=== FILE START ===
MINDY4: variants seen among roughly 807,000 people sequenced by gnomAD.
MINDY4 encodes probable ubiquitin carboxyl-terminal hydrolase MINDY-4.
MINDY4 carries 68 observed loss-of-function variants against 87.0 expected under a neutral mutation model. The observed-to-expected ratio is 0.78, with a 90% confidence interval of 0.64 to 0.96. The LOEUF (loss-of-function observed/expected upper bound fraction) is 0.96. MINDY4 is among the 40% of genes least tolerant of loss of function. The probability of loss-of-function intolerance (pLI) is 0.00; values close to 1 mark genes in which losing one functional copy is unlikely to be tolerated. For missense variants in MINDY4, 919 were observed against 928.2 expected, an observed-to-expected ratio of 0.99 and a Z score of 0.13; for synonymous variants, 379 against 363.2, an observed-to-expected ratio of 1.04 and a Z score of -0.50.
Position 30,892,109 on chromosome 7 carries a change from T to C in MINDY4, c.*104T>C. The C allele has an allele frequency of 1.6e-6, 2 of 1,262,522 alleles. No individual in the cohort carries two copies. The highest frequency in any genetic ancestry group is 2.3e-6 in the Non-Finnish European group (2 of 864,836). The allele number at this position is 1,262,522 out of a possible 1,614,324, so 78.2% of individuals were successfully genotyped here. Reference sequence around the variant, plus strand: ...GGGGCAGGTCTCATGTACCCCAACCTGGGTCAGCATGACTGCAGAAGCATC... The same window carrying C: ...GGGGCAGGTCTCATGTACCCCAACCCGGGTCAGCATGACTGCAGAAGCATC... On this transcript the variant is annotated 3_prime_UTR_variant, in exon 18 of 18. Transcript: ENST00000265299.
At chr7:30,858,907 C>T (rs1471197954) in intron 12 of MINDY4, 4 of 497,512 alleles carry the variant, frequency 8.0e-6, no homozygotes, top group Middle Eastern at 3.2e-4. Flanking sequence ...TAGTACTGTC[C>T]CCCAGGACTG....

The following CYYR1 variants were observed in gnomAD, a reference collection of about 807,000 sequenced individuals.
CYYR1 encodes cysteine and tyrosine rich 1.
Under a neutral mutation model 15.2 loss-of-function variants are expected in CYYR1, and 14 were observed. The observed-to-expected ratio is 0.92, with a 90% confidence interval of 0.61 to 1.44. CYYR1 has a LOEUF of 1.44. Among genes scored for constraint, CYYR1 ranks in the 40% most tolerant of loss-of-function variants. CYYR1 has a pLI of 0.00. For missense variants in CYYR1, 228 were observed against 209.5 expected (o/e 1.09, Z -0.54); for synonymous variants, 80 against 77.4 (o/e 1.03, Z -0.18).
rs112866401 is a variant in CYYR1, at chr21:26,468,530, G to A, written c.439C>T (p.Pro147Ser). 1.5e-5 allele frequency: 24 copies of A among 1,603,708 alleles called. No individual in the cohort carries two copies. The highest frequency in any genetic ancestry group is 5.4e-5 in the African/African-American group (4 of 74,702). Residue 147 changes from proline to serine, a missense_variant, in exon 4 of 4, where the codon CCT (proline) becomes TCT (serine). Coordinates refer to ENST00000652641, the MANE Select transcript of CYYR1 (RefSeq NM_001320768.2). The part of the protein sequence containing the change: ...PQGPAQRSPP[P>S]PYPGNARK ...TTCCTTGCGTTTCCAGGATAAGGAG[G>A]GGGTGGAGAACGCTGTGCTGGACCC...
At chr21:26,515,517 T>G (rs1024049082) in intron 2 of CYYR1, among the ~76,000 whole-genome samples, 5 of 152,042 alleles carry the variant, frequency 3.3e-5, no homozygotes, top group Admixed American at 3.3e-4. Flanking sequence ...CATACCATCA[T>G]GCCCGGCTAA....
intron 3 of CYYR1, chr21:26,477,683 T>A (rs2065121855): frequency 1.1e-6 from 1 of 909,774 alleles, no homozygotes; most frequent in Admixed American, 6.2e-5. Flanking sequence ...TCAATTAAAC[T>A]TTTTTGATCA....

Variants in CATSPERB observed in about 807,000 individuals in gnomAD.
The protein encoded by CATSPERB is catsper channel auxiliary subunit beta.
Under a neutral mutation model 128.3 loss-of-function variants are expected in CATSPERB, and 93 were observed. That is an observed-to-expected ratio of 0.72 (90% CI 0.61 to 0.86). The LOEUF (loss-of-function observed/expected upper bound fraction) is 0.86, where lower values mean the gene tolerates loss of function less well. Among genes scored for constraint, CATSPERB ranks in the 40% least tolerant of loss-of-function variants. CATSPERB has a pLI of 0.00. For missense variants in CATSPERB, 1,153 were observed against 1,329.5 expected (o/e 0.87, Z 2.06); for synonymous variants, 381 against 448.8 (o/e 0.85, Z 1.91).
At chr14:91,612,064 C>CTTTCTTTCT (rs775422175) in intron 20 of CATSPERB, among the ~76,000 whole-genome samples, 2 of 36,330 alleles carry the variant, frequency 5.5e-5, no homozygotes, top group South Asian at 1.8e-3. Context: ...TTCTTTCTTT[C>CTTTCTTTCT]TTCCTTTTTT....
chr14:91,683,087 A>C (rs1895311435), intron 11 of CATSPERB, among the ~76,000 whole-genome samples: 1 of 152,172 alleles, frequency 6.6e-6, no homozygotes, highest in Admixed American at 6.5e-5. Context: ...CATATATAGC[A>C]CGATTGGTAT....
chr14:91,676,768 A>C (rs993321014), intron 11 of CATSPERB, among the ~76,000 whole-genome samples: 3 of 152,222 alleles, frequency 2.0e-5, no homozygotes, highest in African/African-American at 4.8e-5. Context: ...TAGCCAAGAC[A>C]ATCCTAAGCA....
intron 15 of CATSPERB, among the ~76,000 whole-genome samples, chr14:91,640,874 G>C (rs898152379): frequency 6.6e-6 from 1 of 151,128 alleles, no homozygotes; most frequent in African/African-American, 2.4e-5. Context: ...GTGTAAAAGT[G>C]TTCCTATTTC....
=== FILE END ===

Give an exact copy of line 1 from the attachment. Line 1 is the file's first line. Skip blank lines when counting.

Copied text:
MINDY4: variants seen among roughly 807,000 people sequenced by gnomAD.